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rewrite question

Posted on 2003-12-10
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Last Modified: 2010-08-05
I've recently been helped by my web host to do a url rewrite.  It's not the first time, so each new one has to be respidered.  The last time used underscores to represent where spaces would be between words.  The database was based on cities and states.  Because some cities have multiple states..  that is, there are different states with a city by the same name, I discovered after the last rewrite that people were being sent to the correct city in the wrong state sometimes.  

So now, that problem is resolved, but I'm wondering if the manner in which it was resolved will be productive or counterproductive to my efforts to be search engine friendly.  now, detail pages read www.mydomain.com/keyword.city_name.AB.html   where AB=the two-letterabbreviation for the state.

It works, it has the cityname, but it has all these "."s

How does that compare to having a city name following www.mydomain.com/keyword/city.html  ?

In that case, the detail page was twice removed in directories from the home page.  Should I seek a better solution?
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Question by:linque
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by:DoppyNL
DoppyNL earned 500 total points
ID: 9918929
I don't know what keyword is, but I suspect it is a search parameter of some kind?!?

I would use this format:
http://www.mydomain.com/AB/city/keyword/
I would even drop the .html ! (doesn't matter for search engine's, as they suspect you are returning something like an index.html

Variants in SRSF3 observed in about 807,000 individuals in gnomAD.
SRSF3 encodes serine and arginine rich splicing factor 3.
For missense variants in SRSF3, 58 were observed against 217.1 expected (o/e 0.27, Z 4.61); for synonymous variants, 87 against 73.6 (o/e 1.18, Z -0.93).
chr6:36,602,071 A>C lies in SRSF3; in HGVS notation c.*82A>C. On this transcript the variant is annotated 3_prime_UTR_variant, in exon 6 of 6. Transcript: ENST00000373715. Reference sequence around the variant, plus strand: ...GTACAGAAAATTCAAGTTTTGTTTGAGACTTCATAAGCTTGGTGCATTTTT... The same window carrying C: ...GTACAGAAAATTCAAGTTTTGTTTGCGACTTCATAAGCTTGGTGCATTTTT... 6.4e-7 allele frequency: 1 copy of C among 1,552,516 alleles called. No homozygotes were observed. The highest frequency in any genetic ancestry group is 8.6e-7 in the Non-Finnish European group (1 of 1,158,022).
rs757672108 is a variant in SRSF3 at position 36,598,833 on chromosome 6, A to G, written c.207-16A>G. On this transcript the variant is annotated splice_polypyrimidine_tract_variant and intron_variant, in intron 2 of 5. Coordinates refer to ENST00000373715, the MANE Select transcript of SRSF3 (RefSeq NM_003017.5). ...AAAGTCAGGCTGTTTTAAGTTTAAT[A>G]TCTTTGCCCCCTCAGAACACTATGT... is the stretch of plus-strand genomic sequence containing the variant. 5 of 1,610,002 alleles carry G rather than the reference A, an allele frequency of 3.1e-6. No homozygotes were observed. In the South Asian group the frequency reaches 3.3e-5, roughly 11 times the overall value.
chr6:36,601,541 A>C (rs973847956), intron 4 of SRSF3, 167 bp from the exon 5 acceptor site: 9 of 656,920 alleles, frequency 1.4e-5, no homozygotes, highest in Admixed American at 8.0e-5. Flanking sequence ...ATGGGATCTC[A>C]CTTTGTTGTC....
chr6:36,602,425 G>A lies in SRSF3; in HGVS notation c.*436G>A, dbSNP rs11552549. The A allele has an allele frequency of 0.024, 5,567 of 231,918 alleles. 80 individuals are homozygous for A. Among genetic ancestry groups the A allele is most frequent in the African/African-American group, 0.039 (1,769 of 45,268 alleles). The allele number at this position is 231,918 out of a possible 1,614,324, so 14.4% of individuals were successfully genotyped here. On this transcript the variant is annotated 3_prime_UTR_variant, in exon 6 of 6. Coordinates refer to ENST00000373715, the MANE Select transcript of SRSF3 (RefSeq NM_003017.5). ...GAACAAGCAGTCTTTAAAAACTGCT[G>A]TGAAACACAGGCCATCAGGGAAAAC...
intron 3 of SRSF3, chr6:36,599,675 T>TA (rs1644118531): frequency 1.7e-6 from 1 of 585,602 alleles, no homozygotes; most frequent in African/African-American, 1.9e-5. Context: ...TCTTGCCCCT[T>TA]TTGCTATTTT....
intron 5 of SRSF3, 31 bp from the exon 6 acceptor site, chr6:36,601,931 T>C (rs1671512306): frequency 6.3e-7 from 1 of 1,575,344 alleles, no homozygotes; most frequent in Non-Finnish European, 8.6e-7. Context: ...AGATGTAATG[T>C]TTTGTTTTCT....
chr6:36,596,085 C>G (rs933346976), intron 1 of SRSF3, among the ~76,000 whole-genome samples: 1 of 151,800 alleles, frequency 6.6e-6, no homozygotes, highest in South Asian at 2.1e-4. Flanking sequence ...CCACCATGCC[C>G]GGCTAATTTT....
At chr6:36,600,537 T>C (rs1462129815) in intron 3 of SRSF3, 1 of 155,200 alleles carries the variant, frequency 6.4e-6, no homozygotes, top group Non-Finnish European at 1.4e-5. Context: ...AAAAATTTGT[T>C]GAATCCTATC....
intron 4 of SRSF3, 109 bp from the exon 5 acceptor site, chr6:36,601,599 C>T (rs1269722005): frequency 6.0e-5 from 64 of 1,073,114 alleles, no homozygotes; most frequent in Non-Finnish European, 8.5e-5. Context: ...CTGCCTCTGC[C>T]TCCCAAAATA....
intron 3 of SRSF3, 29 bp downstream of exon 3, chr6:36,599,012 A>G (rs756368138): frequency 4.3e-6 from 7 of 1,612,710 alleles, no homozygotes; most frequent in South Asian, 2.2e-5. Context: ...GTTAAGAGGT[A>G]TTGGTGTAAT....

But in reality it doesn't really matter in what order those parameters are, crawlers really aren't that smart as humans are. They simply look at links that point to pages and so on.
if there is a . or not in the url doesn't matter, it will simply be seen as a part of a dir-name or file-name.

a plus to use a / instead of a . is that some crawlers might realise that it is a sub-dir and may suspect a relation between those subpages; causing a better ranking on other subdirs...

Do keep away from these characters though:
? = & ' " ` ; : { } < > ( ) ! @ # % * [ ] \ + (space)
why? because they can cause all kinds of troubles.
Some are used in crawler software wich causes problems with indexing your pages
Some are used on forums, wich cause problems when displaying urls
Some are common characters wich causes word processing software to cut of your url to early.
Some are `banned` by crawlers because they show that the page is dynamic
and more


>> In that case, the detail page was twice removed in directories from the home page.
What do you mean with this?
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LVL 24

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by:
duz earned 500 total points
ID: 9918967
linque -

>...productive or counterproductive...

I haven't got a definitive answer for this one! I can say that I have seen sites in top positions with   www.mydomain.com/keyword.keyword.keyword/ directory names so they must be ok in some circumstances. On the other hand the conventional opinion is that using "."s in a directory name as far as search engine bots are concerned is asking for trouble.

>How does that compare to having a city name following www.mydomain.com/keyword/city.html  ?

Subject to the jury being still out on the "."s it should be better because the pages are now one less down from the root directory.

My inclination would be to leave it as it is and see what the bots do with it from the server logs but there has to be a small element of risk associated with that approach.

Sorry I can't be more helpful :(

- duz

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Author Comment

by:linque
ID: 9919072
Thank you both!   And your comments are always very helpful duz!

I just wish the changes did not result in lost time as they seem to.  I'll probably sit it out as you suggested, duz.  
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LVL 24

Expert Comment

by:duz
ID: 9919659
DoppyNL -

>> In that case, the detail page was twice removed in directories from the home page.
>What do you mean with this?

I think linque is working on the correct assumption that, everything else being equal, shallow directory depth is crawler friendly and gets indexed faster although the depth makes no difference to the index itself. The google algo of course considers link depth and not directory depth.

- duz

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